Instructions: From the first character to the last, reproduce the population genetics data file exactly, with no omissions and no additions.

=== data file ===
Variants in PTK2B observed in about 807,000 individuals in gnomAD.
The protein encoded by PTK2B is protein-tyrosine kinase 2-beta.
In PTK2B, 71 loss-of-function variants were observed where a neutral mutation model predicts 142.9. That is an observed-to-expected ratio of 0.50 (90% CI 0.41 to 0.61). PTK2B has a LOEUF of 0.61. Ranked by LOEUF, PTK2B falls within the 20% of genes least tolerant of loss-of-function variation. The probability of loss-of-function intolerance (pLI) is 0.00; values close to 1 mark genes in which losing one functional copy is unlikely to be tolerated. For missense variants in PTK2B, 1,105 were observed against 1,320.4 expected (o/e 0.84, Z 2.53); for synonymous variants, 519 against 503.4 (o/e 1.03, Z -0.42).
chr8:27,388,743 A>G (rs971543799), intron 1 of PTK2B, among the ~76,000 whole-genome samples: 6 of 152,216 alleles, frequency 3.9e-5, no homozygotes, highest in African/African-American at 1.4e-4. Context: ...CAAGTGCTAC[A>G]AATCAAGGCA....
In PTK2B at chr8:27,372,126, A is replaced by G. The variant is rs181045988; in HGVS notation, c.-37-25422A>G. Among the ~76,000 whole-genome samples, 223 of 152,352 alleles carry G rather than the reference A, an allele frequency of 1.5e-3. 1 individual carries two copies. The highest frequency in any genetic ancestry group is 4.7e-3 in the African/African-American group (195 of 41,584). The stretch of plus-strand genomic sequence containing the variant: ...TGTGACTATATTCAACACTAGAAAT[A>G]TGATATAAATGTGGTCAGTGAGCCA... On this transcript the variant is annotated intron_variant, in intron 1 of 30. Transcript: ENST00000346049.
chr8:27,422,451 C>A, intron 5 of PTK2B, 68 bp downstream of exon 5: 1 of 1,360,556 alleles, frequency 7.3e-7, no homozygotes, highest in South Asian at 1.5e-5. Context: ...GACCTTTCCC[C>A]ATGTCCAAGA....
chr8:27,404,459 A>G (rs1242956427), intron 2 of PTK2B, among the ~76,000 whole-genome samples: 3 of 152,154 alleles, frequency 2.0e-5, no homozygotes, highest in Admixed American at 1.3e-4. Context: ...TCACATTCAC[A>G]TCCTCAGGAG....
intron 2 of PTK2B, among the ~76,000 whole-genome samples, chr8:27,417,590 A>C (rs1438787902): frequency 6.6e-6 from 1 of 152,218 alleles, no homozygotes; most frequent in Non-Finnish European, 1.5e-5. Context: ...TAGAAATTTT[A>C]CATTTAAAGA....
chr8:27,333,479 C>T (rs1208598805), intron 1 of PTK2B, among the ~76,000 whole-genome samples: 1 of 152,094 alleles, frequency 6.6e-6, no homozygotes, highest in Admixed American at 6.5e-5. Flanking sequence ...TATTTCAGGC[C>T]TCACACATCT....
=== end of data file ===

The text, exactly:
Variants in PTK2B observed in about 807,000 individuals in gnomAD.
The protein encoded by PTK2B is protein-tyrosine kinase 2-beta.
In PTK2B, 71 loss-of-function variants were observed where a neutral mutation model predicts 142.9. That is an observed-to-expected ratio of 0.50 (90% CI 0.41 to 0.61). PTK2B has a LOEUF of 0.61. Ranked by LOEUF, PTK2B falls within the 20% of genes least tolerant of loss-of-function variation. The probability of loss-of-function intolerance (pLI) is 0.00; values close to 1 mark genes in which losing one functional copy is unlikely to be tolerated. For missense variants in PTK2B, 1,105 were observed against 1,320.4 expected (o/e 0.84, Z 2.53); for synonymous variants, 519 against 503.4 (o/e 1.03, Z -0.42).
chr8:27,388,743 A>G (rs971543799), intron 1 of PTK2B, among the ~76,000 whole-genome samples: 6 of 152,216 alleles, frequency 3.9e-5, no homozygotes, highest in African/African-American at 1.4e-4. Context: ...CAAGTGCTAC[A>G]AATCAAGGCA....
In PTK2B at chr8:27,372,126, A is replaced by G. The variant is rs181045988; in HGVS notation, c.-37-25422A>G. Among the ~76,000 whole-genome samples, 223 of 152,352 alleles carry G rather than the reference A, an allele frequency of 1.5e-3. 1 individual carries two copies. The highest frequency in any genetic ancestry group is 4.7e-3 in the African/African-American group (195 of 41,584). The stretch of plus-strand genomic sequence containing the variant: ...TGTGACTATATTCAACACTAGAAAT[A>G]TGATATAAATGTGGTCAGTGAGCCA... On this transcript the variant is annotated intron_variant, in intron 1 of 30. Transcript: ENST00000346049.
chr8:27,422,451 C>A, intron 5 of PTK2B, 68 bp downstream of exon 5: 1 of 1,360,556 alleles, frequency 7.3e-7, no homozygotes, highest in South Asian at 1.5e-5. Context: ...GACCTTTCCC[C>A]ATGTCCAAGA....
chr8:27,404,459 A>G (rs1242956427), intron 2 of PTK2B, among the ~76,000 whole-genome samples: 3 of 152,154 alleles, frequency 2.0e-5, no homozygotes, highest in Admixed American at 1.3e-4. Context: ...TCACATTCAC[A>G]TCCTCAGGAG....
intron 2 of PTK2B, among the ~76,000 whole-genome samples, chr8:27,417,590 A>C (rs1438787902): frequency 6.6e-6 from 1 of 152,218 alleles, no homozygotes; most frequent in Non-Finnish European, 1.5e-5. Context: ...TAGAAATTTT[A>C]CATTTAAAGA....
chr8:27,333,479 C>T (rs1208598805), intron 1 of PTK2B, among the ~76,000 whole-genome samples: 1 of 152,094 alleles, frequency 6.6e-6, no homozygotes, highest in Admixed American at 6.5e-5. Flanking sequence ...TATTTCAGGC[C>T]TCACACATCT....